In California’s 51st congressional district, Denise Moreno Ducheny and Juan Vargas are competing for the Democratic nomination to replace retiring U.S. Representative Bob Filner. On the Republican side, there is only one candidate: Nick Popaditch.
Popaditch has only recently begun his campaign for this seat in Congress, so it’s difficult to say much about the character of his 2012 effort. We can, however, look to Popaditch’s campaign in 2010 to understand something of the nature of his political support.
Nick Popaditch’s 2010 campaign for Congress claimed to be based upon the needs of the people of the 51st congressional district. In fact, much of Popaditch’s support came from far outside the borders of California.
Among those sending money to Popaditch was Howard Cohen, who lives just outside of Washington D.C., in Potomac, Maryland. Cohen has a long history of making power deals for D.C. insiders, having worked for many years as a legal counsel to the House Commerce Committee.
Now, Cohen is offering counsel of a different sort, as a federally registered lobbyist. Most recently, he’s lobbied the federal government on behalf of Amgen, a pharmaceuticals corporation, and Genzyme, a biotechnology corporation. Cohen is also lobbying on behalf of the Pharmaceutical Research and Manufacturers of America.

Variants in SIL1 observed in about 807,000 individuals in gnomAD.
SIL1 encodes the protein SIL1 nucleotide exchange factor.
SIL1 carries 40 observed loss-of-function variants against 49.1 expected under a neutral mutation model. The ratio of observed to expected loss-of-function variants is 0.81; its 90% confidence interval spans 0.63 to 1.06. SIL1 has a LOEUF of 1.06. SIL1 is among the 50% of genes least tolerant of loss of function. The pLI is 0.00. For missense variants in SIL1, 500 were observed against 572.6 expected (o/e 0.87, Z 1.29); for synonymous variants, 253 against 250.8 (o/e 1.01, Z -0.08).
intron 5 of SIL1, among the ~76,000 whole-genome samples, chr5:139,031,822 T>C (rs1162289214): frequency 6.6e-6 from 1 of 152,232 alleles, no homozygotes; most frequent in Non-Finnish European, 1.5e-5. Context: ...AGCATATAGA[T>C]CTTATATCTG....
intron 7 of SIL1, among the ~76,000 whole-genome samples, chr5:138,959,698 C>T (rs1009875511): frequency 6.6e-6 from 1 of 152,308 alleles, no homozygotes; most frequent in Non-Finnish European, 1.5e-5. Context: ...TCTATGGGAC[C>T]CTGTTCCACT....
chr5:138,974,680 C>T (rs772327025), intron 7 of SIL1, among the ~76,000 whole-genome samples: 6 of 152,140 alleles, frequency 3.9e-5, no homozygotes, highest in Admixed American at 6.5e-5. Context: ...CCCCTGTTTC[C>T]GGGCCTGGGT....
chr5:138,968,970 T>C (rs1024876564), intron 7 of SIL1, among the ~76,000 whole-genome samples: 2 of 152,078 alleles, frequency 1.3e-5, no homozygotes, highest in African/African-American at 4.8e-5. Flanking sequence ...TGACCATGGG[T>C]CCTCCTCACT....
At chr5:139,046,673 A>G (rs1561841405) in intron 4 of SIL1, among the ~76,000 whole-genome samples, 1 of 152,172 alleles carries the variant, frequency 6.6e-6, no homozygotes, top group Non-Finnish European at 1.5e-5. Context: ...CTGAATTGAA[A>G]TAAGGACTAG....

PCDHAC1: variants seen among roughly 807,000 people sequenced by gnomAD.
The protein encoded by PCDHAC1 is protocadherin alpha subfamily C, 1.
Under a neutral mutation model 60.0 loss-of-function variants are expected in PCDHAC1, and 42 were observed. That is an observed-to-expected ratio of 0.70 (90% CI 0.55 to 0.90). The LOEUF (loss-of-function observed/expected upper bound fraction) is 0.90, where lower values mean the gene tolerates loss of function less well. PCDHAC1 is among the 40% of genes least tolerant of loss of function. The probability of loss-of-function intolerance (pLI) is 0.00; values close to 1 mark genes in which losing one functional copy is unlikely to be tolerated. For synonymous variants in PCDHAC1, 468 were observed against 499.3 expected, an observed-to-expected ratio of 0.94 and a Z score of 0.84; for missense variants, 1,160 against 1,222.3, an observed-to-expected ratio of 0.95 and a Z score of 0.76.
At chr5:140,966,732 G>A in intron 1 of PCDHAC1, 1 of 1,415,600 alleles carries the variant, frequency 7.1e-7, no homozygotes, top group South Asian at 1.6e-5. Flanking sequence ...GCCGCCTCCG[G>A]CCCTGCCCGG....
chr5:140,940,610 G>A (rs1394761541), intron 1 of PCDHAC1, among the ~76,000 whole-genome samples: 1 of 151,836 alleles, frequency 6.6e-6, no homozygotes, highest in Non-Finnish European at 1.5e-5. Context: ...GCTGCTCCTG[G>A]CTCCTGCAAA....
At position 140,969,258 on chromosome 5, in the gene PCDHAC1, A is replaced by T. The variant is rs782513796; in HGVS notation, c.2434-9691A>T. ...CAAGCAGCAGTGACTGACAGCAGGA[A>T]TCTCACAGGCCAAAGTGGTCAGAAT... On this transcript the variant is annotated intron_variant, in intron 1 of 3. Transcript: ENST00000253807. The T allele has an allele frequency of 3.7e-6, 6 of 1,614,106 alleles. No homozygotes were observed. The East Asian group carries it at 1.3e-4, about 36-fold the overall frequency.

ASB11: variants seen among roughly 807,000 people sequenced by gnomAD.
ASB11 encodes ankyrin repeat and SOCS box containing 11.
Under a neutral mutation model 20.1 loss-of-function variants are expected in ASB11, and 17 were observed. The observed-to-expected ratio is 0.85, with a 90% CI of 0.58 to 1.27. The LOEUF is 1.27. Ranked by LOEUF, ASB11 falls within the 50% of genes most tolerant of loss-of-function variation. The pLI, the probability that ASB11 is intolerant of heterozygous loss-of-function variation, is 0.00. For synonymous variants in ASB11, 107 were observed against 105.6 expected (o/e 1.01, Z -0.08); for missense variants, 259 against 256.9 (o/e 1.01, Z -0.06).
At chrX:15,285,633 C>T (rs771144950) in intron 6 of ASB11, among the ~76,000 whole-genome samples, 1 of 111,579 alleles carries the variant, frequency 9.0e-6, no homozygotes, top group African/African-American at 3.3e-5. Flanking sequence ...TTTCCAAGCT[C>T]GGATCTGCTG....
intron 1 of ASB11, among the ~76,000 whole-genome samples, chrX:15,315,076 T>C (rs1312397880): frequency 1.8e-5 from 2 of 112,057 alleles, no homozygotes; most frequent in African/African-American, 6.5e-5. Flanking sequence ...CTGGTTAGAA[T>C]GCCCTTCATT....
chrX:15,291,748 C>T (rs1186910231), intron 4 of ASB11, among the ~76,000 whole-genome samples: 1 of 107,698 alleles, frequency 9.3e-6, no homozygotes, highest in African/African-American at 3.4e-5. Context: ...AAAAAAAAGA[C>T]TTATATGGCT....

It’s not Cohen’s job to promote the welfare of the American people in general, much less the welfare of the residents of California’s 51st congressional district.
Popaditch also took money from Jerry Hodge, the Chairman of Maxor National Corporation – a pharmacy services company. He took money from Terry Paul, a Washington D.C. lobbyist representing corporations like Bombadier, Inc., Palantir Technologies, GeoEye, and Pranalytica. Popaditch took money from Patrick Rooney, an executive with the Investment Corporation of Palm Beach, and from James Teetzel, the CEO of Wilcox Industries.
The list of out-of-state special interests sending money to Nick Popaditch goes on and on. A central question for the campaign in 2012 is whether Popaditch will continue to depend so heavily on lobbyists and other donors with a profit motive to invest in his candidacy.